An arylamide foldamer, and unlike most peptidic-based small molecules (e.g., Pexiganan), Brilacidin is not subject to the traditional shortcomings of antimicrobial peptide (AMP)-based compounds, including rapid proteolytic degradation. Instead, by using sophisticated coarse-grain computer modeling that mimicked the behavior of natural defensins (electrostatics, lipophicility, etc.), it was designed (pdfs) to be smaller (one-tenth the size) and then fine-tuned to exhibit enhanced pharmacological properties—more easily and much less expensively synthesized, more stable (a rigid backbone), more potent (by a 100-fold) and more selective (by a 1000-fold).
Beyond its antimicrobial properties—which itself can play a major role in treating certain inflammatory diseases given the association between pathogens and host organisms, inflammation and infection (e.g., see the link between Enterobacteriaceae and IBD; the link between Crohn’s and E. coli [against which HDP-Mimetics have shown activity]; and the link between Crohn’s and infections, including fungal ones—Brilacidin functions through the cyclic AMP/cyclic GMP pathways to suppress pro-inflammatory cytokines and chemokines, such as TNF-α, IL-1β, IL-6, IL-8, MIP2-α, MCP-1 and MMP-9.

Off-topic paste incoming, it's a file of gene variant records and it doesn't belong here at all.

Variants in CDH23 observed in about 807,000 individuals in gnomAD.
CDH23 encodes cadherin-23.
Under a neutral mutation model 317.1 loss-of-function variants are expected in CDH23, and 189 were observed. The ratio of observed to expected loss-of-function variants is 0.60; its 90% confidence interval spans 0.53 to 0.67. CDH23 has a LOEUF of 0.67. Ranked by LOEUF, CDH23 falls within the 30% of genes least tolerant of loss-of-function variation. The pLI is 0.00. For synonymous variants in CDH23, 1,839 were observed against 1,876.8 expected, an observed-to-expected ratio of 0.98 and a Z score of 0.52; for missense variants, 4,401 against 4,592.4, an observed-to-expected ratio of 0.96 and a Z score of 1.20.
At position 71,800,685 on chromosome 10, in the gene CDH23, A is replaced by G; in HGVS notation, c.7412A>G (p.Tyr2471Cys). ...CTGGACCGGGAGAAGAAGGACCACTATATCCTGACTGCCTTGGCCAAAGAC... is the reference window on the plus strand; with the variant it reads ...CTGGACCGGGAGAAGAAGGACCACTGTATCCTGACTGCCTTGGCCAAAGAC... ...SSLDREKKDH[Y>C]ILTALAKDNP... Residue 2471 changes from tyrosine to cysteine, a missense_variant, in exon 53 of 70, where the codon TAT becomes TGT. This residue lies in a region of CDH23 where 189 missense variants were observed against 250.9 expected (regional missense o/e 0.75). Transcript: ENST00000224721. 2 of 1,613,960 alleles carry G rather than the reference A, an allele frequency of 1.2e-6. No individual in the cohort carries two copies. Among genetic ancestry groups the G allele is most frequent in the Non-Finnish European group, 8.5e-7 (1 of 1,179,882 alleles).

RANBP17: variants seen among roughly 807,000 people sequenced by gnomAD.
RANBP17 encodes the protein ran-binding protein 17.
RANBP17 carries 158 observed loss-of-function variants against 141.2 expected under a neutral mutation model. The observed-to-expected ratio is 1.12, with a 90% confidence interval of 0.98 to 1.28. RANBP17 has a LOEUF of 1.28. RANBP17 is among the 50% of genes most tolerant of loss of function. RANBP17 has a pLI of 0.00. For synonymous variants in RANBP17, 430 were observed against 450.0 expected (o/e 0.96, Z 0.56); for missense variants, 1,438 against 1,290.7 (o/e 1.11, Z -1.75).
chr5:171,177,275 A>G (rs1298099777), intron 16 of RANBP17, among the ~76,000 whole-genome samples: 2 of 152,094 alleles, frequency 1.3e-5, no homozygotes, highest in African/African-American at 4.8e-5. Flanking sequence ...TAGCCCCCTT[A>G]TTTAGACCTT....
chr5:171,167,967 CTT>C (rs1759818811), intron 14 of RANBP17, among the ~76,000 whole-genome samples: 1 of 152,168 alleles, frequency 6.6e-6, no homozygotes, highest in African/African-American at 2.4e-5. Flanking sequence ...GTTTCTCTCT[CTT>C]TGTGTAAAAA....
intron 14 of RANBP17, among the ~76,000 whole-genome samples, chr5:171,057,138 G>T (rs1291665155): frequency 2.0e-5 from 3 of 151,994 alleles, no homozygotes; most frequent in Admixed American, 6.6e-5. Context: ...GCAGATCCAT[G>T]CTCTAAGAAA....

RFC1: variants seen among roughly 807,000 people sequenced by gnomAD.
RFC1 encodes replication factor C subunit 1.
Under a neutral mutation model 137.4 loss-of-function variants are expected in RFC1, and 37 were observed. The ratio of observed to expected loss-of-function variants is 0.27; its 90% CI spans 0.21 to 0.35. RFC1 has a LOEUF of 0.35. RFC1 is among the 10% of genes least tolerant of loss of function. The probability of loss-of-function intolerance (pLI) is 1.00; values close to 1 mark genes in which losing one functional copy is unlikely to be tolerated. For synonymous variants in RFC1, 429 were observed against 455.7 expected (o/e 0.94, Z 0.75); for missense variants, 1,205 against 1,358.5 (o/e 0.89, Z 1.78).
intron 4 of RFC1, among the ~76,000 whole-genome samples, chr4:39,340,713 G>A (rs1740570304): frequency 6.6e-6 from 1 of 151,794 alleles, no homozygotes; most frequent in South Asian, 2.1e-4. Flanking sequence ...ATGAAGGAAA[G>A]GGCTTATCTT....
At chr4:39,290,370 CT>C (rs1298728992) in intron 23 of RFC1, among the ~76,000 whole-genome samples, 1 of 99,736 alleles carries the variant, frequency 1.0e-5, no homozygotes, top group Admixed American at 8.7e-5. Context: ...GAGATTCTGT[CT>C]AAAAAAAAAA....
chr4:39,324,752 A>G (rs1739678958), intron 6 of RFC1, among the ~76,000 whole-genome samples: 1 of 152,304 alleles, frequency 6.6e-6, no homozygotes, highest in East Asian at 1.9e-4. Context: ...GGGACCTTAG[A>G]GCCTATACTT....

Brilacidin’s inhibition of PDE4—a predominant phosphodiesterase expressed in neutrophils, T cells, macrophages and keratinocytes—leads to an increase in the intracellular cAMP concentration, thereby reducing the production of pro-inflammatory mediators and increasing anti-inflammatory mediators.
Additional research is underway to determine Brilacidin's potential effect on IL-17, a central driver of most inflammatory diseases, including many skin diseases.
Linked to below is a Nature Reviews Drug Discovery series on the IL-17 pathway.